Life Beyond Reason: A Memoir of Mania is on the Book Club Reading List.
Reason is one of our gods, maybe our chief god. Reason gives us good things: cures for polio, scarlet fever, and smallpox; air conditioning; electric lights; toasters; iPhones; video games; weather forecasts; non-wrinkle fabrics; insecticides; cosmetics, etc.
Reason also gives us direction through advice from parents, grandparents, and friends: Get a good education; brush your teeth; don’t talk to strangers; mind me when I tell you to do something; work hard; don’t job hop – people will think you are shiftless.
Then there are people who throw reason to the wind. They write business plans but don’t follow them. They pay for market research before starting a business but only to confirm what they think they already know. They listen to the adage that a very small percentage of new businesses survive, but they proceed anyway.
There are people who listen to the small voice that says, “Start a business to produce a play that will change the world. You can do it.” Call the voice mania.
Mania grows louder and louder, and one day these people decide to pursue The Big Idea. They become true believers and they hassle family, friends, and even casual acquaintances with their mania. They encounter Conventional Man who urges them to not quit their day job and have a back-up plan. A frequent refrain is, “Yes, maybe this idea will work, but Not This Day.”
Nonetheless, the maniac convinces one person, then another, that the The Big Idea isn’t crazy at all. Soon he has a group of followers. One has experience making costumes for a dance studio’s recitals. Otherwise, not one has any experience producing a play, most importantly the person who started the whole thing.
Our maniac begins asking family and friends for money. They give him some. He spends more and more hours pursuing his dream. Then, yes, he quits his day job.
His group of believers by now is comprised of some who actually are motivated by less than pure motives, such as money. Our maniac just can’t believe it. Don’t they get it! They are going to change the world.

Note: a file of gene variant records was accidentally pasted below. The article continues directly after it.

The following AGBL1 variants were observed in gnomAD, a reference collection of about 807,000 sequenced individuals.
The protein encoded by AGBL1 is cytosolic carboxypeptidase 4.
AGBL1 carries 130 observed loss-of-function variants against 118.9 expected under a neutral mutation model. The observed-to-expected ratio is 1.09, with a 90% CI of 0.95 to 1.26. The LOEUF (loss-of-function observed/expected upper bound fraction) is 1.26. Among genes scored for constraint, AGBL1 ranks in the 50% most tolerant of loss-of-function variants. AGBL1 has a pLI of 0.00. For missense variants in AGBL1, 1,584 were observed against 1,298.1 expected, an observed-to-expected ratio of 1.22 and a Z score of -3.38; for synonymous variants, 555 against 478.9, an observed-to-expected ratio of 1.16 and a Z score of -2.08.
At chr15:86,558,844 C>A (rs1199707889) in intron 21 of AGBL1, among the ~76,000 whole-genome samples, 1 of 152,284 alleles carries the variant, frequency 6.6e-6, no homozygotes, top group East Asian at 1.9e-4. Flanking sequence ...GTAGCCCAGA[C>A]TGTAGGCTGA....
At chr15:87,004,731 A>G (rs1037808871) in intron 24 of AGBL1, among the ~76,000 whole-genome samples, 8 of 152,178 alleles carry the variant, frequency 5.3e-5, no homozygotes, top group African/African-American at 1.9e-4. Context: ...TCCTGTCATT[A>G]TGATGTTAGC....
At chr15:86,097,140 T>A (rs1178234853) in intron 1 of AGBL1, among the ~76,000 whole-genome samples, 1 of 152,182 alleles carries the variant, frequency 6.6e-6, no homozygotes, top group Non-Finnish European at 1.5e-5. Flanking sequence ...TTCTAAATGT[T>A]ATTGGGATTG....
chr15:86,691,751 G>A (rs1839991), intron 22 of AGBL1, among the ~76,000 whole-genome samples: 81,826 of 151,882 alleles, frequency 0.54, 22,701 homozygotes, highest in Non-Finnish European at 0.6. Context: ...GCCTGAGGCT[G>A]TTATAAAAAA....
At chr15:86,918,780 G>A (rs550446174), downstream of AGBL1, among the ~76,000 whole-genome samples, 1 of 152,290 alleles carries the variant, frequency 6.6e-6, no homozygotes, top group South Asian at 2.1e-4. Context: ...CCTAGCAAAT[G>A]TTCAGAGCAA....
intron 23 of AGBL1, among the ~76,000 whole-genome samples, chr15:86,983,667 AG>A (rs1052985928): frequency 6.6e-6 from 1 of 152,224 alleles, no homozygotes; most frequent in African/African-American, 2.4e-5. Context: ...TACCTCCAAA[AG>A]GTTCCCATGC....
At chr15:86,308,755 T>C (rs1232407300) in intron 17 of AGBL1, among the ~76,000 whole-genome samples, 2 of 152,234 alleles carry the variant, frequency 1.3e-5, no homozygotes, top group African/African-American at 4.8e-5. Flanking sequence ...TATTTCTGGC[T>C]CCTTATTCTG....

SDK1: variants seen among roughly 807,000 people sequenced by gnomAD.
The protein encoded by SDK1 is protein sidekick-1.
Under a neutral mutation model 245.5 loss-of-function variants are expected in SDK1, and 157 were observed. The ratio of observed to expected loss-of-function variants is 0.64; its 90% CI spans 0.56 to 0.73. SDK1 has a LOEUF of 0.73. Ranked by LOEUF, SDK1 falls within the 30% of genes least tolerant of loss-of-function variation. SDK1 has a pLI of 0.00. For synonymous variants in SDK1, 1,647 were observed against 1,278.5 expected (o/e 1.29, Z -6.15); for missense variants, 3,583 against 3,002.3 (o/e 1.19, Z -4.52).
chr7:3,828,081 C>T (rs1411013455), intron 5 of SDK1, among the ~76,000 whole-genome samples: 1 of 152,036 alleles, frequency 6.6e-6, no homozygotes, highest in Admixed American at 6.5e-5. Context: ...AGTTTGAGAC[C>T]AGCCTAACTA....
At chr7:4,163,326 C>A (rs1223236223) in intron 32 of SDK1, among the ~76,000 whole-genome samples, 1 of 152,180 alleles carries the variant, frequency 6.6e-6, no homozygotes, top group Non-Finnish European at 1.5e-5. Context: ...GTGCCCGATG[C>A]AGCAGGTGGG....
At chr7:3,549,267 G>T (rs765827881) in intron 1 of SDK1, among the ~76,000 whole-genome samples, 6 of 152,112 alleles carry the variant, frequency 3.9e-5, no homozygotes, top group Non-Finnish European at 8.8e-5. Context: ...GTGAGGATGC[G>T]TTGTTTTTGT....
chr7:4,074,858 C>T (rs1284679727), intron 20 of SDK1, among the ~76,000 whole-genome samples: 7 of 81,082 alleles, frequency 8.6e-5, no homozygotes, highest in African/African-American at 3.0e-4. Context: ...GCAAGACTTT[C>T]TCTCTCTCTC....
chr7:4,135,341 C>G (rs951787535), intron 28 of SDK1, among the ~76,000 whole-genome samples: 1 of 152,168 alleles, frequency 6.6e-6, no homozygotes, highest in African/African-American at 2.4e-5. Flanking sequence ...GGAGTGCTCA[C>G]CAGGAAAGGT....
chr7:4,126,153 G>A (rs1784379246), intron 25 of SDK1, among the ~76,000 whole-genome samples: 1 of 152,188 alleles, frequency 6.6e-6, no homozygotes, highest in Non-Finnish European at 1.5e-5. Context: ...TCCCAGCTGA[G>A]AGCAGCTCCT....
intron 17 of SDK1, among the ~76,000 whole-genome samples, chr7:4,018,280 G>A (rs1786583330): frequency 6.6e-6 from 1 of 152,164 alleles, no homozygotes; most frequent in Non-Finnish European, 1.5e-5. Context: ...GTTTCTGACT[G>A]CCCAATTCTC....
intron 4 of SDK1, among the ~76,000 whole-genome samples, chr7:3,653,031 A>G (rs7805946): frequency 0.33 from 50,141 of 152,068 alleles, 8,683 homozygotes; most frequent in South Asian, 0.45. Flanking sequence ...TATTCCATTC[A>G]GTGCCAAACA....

Life Beyond Reason is a true story, a memoir.
The maniac is a protagonist who fills the landscape of the memoir. Other characters exist only as types, but we get to know the maniac well. And, yes, he develops. His development is the story.
What Will Readers Get from This Memoir?
Mr. Rhodes writes his memoir as a good friend would tell it to you in front of a roaring fire in a stone fireplace in a log cabin in the north woods in the small hours of the night in the middle of a blizzard. There are only the two of you in the world. Mr. Rhodes rises to this challenge. Few authors could. Few writers can write in a convincingly conversational style.
Readers’ reactions will vary, but there will be reactions. For some readers, a response will be, “This is totally fictional. It could not happen!” For others, an emotion will be, “Darn! He did it. Why can’t I follow my dream?” Few of these people will follow their dreams, and, maybe, that is good. The Society for Human Resource Management says, “In 2013, 81% of U.S. employees reported overall satisfaction with their current job, unchanged from 2012.” For other people, the story will appear familiar, very familiar. As they read, all readers will wonder, “What happens next?” The story is compelling.
Mr. Rhodes poses an eternal question, “What is it to be alive, truly aware of the mystery?” The greatest minds have asked this question. A view attributed to Socrates is “The unexamined life is not worth living.” Perhaps, down through the millennia, most people never ask the question. It never occurs to them. Maybe they are the lucky ones.
Perhaps in our world of work specialization where many are not connected to the results of labor, perhaps in this world the question stings. In Babbitt, Sinclair Lewis says, “I’ve never done a single thing I’ve wanted to in my whole life!” In Death of a Salesman, Arthur Miller says of the salesman, “He never knew who he was.”
Life Beyond Reason is a well written, provocative, memorable, and interesting read. It took courage to write it. Few people have the courage to open themselves up in this manner.
Life Beyond Reason would be more powerful and gripping if it had been written as a novel. A reader would be better able to empathize with the protagonist. The details carrying emotions would be there. What actually happened when the protagonist asked the first person for money that might never be returned? What was the scene? In a well-written novel, more would be shown, not told. Perhaps, a similar effect could be produced in a memoir, but do memoirs lend themselves to more showing than telling?
Life Beyond Reason deserves four stars out of five.